Combine 2 cups of the flour, the sugar, and butter in a medium mixing bowl.  Mix and crumble with your fingers.  This is a great activity for kids.  Remove 1 cup of this crumb-mixture, and reserve it for the topping.  The remaining crumbs in the mixing bowl will create the foundation for the cake batter.

Chop the medjool dates.  I like to use my big, heavy Chinese cleaver for this.

Remove the toasted walnuts from the oven, and chop them.  Add the dates and walnuts to the crumb mixture in the mixing bowl.

Add the buttermilk, egg, and lemon zest to the mixing bowl.  Stir to form a batter.

Sift in the remaining 1/4 cup flour, the baking powder, baking soda, cloves, cinnamon, and salt.  Stir into the batter.

Pour the batter into the pan.  Sprinkle with the reserved 1-cup of crumbs.  Bake at 350F for 28-35 minutes.

Whole-Wheat Gingersnaps
December 21, 2010, 8:37 pm
Filed under: desserts, recipes | Tags: , , ,

A new favorite Christmas cookie from Kim Boyce’s Good to the Grain.  When arranged on a holiday cookie tray, the decorated orange-cardamom star cookies might draw more visual attention, but these little ginger cookies are generating more comments among friends and family because of their assertive ginger flavor.


My only alteration of Kim Boyce’s recipe is in the finish.  Instead of rolling the balls of dough in plain sugar, I use my mom’s trick of rolling cookies in orange-sugar instead.  To make orange-sugar, simply combine orange zest with sugar in a food processor, and pulse to combine.  Using this method, you can make all sorts of interesting sugars in the future (like sugar cookies rolled in lime-zest-sugar).



Butter for the baking sheets

Wet Mix:

4 ounces (1 stick) unsalted butter, melted and cooled slightly
1/2 cup dark brown sugar
1/2 cup sugar
1/4 cup unsulphured (not blackstrap) molasses
2 tablespoons grated fresh ginger, from about a 2-1/2 inch piece
1 egg

Dry Mix:

1 cup whole-wheat flour
1 cup all-purpose flour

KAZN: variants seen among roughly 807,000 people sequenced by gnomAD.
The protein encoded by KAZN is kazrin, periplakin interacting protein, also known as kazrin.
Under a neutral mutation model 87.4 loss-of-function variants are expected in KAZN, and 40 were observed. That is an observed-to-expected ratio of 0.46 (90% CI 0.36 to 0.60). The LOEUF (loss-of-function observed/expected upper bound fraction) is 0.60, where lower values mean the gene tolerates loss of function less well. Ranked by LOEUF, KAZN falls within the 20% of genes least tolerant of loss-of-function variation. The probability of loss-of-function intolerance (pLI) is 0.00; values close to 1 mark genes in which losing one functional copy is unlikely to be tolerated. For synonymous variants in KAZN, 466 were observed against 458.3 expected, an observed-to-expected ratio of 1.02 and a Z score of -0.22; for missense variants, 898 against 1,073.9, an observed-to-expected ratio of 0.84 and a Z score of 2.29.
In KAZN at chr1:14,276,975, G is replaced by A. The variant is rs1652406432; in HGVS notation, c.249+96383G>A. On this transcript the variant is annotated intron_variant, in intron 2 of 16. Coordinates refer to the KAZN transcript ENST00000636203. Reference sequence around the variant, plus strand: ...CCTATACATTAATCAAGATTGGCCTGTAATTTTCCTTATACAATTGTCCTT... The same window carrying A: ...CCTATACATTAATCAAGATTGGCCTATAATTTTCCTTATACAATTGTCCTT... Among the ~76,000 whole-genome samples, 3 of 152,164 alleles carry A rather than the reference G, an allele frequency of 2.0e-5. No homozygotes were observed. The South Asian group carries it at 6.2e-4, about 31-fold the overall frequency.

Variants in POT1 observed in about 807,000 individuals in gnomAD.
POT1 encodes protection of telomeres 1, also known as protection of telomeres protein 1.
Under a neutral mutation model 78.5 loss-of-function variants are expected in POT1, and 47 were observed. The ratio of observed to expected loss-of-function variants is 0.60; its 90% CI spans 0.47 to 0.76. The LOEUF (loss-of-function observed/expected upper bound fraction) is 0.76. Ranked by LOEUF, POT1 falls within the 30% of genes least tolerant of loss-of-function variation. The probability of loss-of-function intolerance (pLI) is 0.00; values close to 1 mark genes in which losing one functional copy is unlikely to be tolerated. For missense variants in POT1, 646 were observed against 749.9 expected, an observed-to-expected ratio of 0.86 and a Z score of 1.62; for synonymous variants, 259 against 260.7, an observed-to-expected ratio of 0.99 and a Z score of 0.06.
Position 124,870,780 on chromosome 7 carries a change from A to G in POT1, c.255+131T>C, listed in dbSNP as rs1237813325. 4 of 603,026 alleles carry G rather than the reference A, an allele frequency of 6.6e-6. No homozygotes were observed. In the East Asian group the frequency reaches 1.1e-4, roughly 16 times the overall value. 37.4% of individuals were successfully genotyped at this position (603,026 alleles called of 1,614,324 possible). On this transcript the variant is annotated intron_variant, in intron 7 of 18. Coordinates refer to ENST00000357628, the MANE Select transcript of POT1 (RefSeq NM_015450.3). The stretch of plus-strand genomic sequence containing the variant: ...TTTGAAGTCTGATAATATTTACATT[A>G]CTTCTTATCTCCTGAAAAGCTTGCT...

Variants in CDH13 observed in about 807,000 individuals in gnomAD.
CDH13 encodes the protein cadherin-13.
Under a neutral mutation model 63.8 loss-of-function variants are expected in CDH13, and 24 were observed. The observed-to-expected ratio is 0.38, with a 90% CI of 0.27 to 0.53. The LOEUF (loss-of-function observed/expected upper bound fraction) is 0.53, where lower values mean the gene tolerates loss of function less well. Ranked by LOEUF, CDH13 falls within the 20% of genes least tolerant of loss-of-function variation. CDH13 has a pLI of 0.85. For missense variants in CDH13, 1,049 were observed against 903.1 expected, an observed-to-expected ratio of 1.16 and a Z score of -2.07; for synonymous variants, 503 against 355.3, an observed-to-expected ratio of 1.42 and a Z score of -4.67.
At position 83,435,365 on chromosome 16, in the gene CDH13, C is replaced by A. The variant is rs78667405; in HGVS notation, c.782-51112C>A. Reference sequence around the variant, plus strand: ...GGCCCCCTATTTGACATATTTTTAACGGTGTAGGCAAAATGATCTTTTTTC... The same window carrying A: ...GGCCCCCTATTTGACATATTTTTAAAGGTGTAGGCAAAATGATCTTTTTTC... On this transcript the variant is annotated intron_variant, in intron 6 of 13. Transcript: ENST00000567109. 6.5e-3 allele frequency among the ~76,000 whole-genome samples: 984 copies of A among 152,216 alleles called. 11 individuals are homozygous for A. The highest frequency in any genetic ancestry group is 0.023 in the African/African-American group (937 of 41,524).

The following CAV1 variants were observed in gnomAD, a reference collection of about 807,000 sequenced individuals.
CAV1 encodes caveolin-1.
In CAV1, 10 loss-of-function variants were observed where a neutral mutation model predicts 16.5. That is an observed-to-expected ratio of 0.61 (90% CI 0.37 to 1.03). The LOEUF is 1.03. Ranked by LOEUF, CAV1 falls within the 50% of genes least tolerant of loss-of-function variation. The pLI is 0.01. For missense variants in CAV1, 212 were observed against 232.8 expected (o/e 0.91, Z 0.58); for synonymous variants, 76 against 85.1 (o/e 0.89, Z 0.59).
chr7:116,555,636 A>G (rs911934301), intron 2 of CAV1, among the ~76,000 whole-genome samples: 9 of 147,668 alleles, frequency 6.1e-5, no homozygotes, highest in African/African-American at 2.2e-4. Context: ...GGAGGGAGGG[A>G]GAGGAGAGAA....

2 teaspoons baking soda
1/2 teaspoon ginger
1/4 teaspoon cinnamon
1/8 teaspoon clove
1/2 teaspoon kosher salt


zest of 1 orange
1/2 cup sugar


1. In a large bowl, mix together the melted butter, sugars, molasses, ginger, and egg.  Sift the dry ingredients over the butter-sugar mixture, pouring back into the bowl any bits of grain or other ingredients that may remain in the sifter.  Stir to form a batter.

2. Wrap the dough in plastic wrap and chill for at least 2 hours, or preferably overnight for the flavors to marry.

3.  Position 2 racks in the upper and lower thirds of the oven and preheat to 350F.  Rub 2 baking sheets lightly with butter.

4.  Make the orange-sugar by combining the orange zest and sugar in a food processor.  Pulse until combined and fragrant.  Place the orange-sugar in a shallow bowl.

5. Pluck out balls of dough about 1-tablespoon in size.  Roll them into balls, then toss them into the orange-sugar to coat.  Place the balls on the baking sheets, leaving 2 inches between them.  Repeat with the remaining dough.  The balls that don’t fit on this round of baking can be chilled until the oven is available for the next round of baking.

6.  Bake for 10-15 minutes, rotating the pans halfway through (top to bottom and front to back), until the color is dark and even all the way across the cookie.  Remove from the oven, slide a thin spatula under each of them, and transfer to a baking rack.